Workers from McDonalds, Wetherspoons and TGI Fridays all took part in an international co-ordinated day of action for £10 per hour and union rights on Thursday 4 October.
In London they were joined by Deliveroo and Uber Eats riders, and supporters from across the labour movement. At their rally and demonstration in Leicester Square they were joined by traffic wardens in Camden Unison, who are also currently on strike for a £11.15 an hour.
Solidarity action took place in cities across the UK. The first Wetherspoons strike was also coordinated from two sites in Brighton.
Around 250 people made it to Leicester Square for the demonstration in support of the strike with speakers from Unite, who organise in TGI Fridays, the Bakers Union, and representatives from French and US McDonalds campaigns who were also taking part in the action.
Shadow Chancellor John McDonnell MP addressed the crowd saying, “a Labour government will guarantee full employment rights from day one,” and guaranteeing the a £10 per hour living wage.
McDonnell also said that all Labour MPs had been notified that when there is a strike in their constituency, it is their duty to attend the picket. Given that McDonnell and others were criticised for attending junior doctors’ picket lines in 2016, this is a welcome step forward.
However, missing from the speech was a commitment to a Labour government making the right of unions to organise and carry out effective action easier, by repealing all of the existing anti-trade union laws. This is already Labour Party policy but over which the leadership have been silent.
The demonstrations and days of action are an important part of an ongoing campaign to organise these workers, inspired by the US “Fight for $15 Campaign”.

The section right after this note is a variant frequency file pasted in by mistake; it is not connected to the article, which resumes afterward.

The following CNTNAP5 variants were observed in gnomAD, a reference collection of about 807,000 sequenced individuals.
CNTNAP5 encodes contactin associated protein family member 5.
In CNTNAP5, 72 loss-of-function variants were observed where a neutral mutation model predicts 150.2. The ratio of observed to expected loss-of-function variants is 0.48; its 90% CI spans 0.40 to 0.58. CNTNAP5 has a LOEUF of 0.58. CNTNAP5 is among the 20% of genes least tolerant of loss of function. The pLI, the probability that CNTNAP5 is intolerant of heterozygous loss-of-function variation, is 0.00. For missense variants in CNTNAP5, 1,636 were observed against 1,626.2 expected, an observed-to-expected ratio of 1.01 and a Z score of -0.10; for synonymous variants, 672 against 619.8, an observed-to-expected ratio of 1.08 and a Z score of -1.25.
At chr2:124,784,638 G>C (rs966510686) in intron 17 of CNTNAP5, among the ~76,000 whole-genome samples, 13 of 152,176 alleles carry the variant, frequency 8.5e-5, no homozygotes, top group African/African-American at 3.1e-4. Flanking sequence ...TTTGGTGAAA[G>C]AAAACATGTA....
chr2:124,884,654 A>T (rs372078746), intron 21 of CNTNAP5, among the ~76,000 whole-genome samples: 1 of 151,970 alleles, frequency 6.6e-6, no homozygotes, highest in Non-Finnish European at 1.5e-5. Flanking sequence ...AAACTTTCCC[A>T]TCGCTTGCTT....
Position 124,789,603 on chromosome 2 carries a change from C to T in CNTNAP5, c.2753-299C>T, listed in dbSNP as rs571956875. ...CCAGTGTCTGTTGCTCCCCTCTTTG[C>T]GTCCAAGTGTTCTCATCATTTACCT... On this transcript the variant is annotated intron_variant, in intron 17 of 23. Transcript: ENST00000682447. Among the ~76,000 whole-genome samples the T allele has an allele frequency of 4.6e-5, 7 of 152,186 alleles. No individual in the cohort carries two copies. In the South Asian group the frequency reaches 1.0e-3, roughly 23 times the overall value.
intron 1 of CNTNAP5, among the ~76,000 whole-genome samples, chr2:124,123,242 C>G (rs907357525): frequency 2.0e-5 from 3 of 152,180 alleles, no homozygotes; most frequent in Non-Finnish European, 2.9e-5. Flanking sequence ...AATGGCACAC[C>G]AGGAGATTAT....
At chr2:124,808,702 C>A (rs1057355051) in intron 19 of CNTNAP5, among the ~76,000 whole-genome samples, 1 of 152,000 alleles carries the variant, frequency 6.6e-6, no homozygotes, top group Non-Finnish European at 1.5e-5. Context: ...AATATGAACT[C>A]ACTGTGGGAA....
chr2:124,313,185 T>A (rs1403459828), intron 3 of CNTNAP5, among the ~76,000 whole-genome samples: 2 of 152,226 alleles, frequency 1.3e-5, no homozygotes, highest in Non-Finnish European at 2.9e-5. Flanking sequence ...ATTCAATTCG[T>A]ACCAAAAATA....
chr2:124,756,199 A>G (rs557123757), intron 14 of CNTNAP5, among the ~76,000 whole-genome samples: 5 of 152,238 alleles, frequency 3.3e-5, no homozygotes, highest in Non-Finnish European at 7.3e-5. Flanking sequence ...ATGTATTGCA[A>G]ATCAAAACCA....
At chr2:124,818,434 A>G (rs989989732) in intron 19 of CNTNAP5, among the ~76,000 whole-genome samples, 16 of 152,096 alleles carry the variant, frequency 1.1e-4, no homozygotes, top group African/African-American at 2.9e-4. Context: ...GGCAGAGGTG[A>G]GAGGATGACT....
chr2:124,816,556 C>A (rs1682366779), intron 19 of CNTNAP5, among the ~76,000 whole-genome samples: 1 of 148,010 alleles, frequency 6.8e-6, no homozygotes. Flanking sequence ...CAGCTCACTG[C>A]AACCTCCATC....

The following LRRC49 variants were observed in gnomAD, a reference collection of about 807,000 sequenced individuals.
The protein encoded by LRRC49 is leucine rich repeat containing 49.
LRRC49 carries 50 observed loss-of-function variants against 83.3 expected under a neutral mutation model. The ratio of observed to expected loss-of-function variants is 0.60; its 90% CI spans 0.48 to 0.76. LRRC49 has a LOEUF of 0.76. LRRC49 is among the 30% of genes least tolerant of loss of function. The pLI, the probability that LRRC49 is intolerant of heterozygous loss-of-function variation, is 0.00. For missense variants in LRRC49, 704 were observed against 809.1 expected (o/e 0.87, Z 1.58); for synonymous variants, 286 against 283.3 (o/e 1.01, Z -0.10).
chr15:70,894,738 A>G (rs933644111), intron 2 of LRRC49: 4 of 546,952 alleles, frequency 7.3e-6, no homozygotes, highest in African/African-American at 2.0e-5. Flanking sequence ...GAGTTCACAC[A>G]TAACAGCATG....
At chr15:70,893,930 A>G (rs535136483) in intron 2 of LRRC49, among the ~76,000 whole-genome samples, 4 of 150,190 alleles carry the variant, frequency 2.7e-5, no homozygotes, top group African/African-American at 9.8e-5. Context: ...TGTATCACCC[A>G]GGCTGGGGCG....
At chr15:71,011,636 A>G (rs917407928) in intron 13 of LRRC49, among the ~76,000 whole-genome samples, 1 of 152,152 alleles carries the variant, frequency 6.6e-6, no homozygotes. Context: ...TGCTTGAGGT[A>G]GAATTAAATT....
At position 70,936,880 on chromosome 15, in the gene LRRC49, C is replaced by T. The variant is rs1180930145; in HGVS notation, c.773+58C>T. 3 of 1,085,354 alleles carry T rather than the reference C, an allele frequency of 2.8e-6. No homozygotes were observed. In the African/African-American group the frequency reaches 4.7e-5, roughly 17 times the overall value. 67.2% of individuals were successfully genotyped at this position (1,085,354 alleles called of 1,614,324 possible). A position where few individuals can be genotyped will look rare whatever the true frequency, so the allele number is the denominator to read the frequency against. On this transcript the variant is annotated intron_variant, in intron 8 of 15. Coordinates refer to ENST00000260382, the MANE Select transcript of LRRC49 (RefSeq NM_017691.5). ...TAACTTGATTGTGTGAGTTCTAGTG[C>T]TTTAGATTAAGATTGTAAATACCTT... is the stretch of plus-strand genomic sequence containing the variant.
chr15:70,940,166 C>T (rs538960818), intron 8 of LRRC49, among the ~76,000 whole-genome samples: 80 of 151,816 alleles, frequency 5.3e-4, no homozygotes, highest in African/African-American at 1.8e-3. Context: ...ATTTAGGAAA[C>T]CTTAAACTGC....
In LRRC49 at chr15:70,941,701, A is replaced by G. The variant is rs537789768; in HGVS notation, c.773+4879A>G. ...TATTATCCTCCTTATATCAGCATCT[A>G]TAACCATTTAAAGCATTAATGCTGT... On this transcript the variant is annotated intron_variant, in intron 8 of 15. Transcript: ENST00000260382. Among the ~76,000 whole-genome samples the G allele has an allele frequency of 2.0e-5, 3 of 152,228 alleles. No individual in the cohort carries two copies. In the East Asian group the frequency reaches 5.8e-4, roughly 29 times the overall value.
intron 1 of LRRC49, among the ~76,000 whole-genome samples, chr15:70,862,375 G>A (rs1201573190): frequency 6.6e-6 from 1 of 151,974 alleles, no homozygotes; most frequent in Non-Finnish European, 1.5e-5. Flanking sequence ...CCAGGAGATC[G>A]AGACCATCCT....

The Wetherspoons strike has taken some time to build and the workers there have a functioning Bakers’ Union branch that is prepared to do ongoing activity.
The TGI Fridays campaign is well organised around particular branches.
The McDonalds stores are more isolated and there is a longer way to go with permanent organisation in any of their stores.
However, the national and international attention that has been put on the campaign demands is another important step forward.
Uber: respect our digital picket line!
The first nationally-coordinated strike by Uber drivers took place on Tuesday 9 October for 24 hours.
The strike is being coordinated by the United Private Hire Drivers (UPHD) branch of the IWGB union, and will see protests at Uber offices in London, Birmingham and Nottingham. People were urged by the union and supporters to respect the ″virtual picket line″ and not to use the app for the 24-hours of the strike.
Drivers are calling for an end to unfair deactivations of drivers, for an increase in fares to £2 per mile from the current £1.25 in London, and a 10% reduction in commissions paid by drivers. They are also calling for the 2016 tribunal judgement, which decreed drivers were not self-employed ″independent contractors″, to be enforced as soon as possible.
UPHD branch chair James Farrar said, “After years of watching take-home pay plummet and with management bullying of workers on the rise, workers have been left with no choice but to take strike action. We ask the public to please support drivers by not crossing the digital picket line by not using the app during strike time.”
The IWGB has another ongoing case against Uber which will be in court again on 30 and 31 October.
No worker you cannot organise
Justine, a striking McDonalds worker, spoke at their rally:
“It is exciting that there are so many people here and people from other McDonalds have come to support us in Brixton. The reason why I’m on strike and decided to join the union is because I believe that workers deserve better wages — the situation is crap right now!
“What is particularly inspiring about this campaign is that we were workers who were previously viewed as unorganisable by the labour movement, people who would drift in and out of work and we weren’t worth a union’s time.
“McStrike has proven that there is no worker that you cannot organise. There is no workforce that cannot be inspired to go out on strike and fight for their rights. Having Wetherspoons, TGI Fridays, the Couriers, The Ivy House all come out show that young workers are willing to come out fighting, and it is possible for us to win!
“I am inspired by all that work here today. I think it is only possible for our campaign to win if we have a united class, a united workforce and that means it is vital we defend the rights of migrant workers, and free movement within in the labour movement within the Labour Party.
“It is impossible for us to win if we have a divided class and the McStrike can win only if we start to build our unions and not build borders.”